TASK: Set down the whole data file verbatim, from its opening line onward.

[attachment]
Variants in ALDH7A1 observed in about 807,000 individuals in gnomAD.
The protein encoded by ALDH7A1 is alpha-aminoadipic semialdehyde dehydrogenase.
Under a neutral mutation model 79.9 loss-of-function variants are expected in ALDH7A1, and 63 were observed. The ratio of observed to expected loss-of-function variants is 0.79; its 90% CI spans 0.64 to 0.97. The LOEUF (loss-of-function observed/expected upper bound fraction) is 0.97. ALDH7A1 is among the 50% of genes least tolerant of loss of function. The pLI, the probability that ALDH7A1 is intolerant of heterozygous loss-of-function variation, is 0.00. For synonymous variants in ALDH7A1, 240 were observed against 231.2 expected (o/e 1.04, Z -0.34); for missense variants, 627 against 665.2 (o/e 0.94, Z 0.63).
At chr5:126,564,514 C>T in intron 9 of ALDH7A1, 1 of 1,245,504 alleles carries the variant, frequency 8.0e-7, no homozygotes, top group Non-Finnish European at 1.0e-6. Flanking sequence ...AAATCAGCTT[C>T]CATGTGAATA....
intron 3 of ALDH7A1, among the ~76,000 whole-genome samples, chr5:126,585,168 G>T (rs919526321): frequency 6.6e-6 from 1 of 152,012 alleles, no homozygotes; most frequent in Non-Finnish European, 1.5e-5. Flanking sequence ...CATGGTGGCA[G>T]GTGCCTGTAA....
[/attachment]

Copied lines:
Variants in ALDH7A1 observed in about 807,000 individuals in gnomAD.
The protein encoded by ALDH7A1 is alpha-aminoadipic semialdehyde dehydrogenase.
Under a neutral mutation model 79.9 loss-of-function variants are expected in ALDH7A1, and 63 were observed. The ratio of observed to expected loss-of-function variants is 0.79; its 90% CI spans 0.64 to 0.97. The LOEUF (loss-of-function observed/expected upper bound fraction) is 0.97. ALDH7A1 is among the 50% of genes least tolerant of loss of function. The pLI, the probability that ALDH7A1 is intolerant of heterozygous loss-of-function variation, is 0.00. For synonymous variants in ALDH7A1, 240 were observed against 231.2 expected (o/e 1.04, Z -0.34); for missense variants, 627 against 665.2 (o/e 0.94, Z 0.63).
At chr5:126,564,514 C>T in intron 9 of ALDH7A1, 1 of 1,245,504 alleles carries the variant, frequency 8.0e-7, no homozygotes, top group Non-Finnish European at 1.0e-6. Flanking sequence ...AAATCAGCTT[C>T]CATGTGAATA....
intron 3 of ALDH7A1, among the ~76,000 whole-genome samples, chr5:126,585,168 G>T (rs919526321): frequency 6.6e-6 from 1 of 152,012 alleles, no homozygotes; most frequent in Non-Finnish European, 1.5e-5. Flanking sequence ...CATGGTGGCA[G>T]GTGCCTGTAA....